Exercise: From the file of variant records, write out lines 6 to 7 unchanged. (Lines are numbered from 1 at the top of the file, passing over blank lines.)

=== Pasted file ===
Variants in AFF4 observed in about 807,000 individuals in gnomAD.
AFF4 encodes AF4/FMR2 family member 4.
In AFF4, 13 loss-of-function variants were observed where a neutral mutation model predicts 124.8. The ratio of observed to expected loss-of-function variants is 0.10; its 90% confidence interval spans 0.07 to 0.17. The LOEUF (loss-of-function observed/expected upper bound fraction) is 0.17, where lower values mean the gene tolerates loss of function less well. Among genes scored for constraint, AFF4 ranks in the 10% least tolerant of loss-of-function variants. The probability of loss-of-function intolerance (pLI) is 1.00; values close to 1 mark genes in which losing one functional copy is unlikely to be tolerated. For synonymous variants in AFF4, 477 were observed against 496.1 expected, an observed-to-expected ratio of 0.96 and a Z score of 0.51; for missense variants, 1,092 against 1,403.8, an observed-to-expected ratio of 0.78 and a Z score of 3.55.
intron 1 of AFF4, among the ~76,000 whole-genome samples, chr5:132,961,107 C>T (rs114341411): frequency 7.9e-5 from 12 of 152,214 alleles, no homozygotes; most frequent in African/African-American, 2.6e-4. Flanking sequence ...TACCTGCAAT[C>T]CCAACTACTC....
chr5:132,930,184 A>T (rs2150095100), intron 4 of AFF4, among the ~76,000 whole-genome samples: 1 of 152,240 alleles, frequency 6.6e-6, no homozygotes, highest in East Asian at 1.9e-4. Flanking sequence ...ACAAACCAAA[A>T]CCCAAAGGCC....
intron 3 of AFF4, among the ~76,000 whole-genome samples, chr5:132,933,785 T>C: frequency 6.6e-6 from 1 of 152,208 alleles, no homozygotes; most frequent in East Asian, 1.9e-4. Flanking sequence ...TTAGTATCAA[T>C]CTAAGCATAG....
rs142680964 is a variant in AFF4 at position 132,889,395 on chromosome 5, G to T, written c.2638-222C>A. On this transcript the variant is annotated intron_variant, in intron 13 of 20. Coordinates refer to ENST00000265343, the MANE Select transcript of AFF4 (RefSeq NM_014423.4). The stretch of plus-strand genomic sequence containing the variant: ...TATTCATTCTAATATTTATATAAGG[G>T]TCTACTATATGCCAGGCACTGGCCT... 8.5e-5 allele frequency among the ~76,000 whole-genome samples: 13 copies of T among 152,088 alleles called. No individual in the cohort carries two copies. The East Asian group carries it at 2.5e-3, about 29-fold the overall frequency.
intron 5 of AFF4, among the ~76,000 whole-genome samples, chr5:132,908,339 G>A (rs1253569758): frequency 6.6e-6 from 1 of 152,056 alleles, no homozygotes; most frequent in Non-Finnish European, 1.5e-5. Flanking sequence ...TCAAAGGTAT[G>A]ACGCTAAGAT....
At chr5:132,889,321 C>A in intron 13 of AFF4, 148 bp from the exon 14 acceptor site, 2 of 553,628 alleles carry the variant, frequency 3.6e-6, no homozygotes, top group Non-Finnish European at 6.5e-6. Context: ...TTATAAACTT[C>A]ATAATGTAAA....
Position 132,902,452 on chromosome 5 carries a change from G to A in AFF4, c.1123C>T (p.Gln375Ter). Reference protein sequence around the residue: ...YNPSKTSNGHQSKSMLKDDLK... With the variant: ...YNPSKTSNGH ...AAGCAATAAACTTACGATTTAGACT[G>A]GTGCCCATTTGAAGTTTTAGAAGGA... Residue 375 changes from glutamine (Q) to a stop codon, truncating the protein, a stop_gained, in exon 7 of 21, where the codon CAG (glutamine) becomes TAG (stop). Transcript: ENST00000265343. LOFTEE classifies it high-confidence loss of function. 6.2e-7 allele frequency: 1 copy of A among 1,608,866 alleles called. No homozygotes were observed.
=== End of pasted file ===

intron 3 of AFF4, among the ~76,000 whole-genome samples, chr5:132,933,785 T>C: frequency 6.6e-6 from 1 of 152,208 alleles, no homozygotes; most frequent in East Asian, 1.9e-4. Flanking sequence ...TTAGTATCAA[T>C]CTAAGCATAG....
rs142680964 is a variant in AFF4 at position 132,889,395 on chromosome 5, G to T, written c.2638-222C>A. On this transcript the variant is annotated intron_variant, in intron 13 of 20. Coordinates refer to ENST00000265343, the MANE Select transcript of AFF4 (RefSeq NM_014423.4). The stretch of plus-strand genomic sequence containing the variant: ...TATTCATTCTAATATTTATATAAGG[G>T]TCTACTATATGCCAGGCACTGGCCT... 8.5e-5 allele frequency among the ~76,000 whole-genome samples: 13 copies of T among 152,088 alleles called. No individual in the cohort carries two copies. The East Asian group carries it at 2.5e-3, about 29-fold the overall frequency.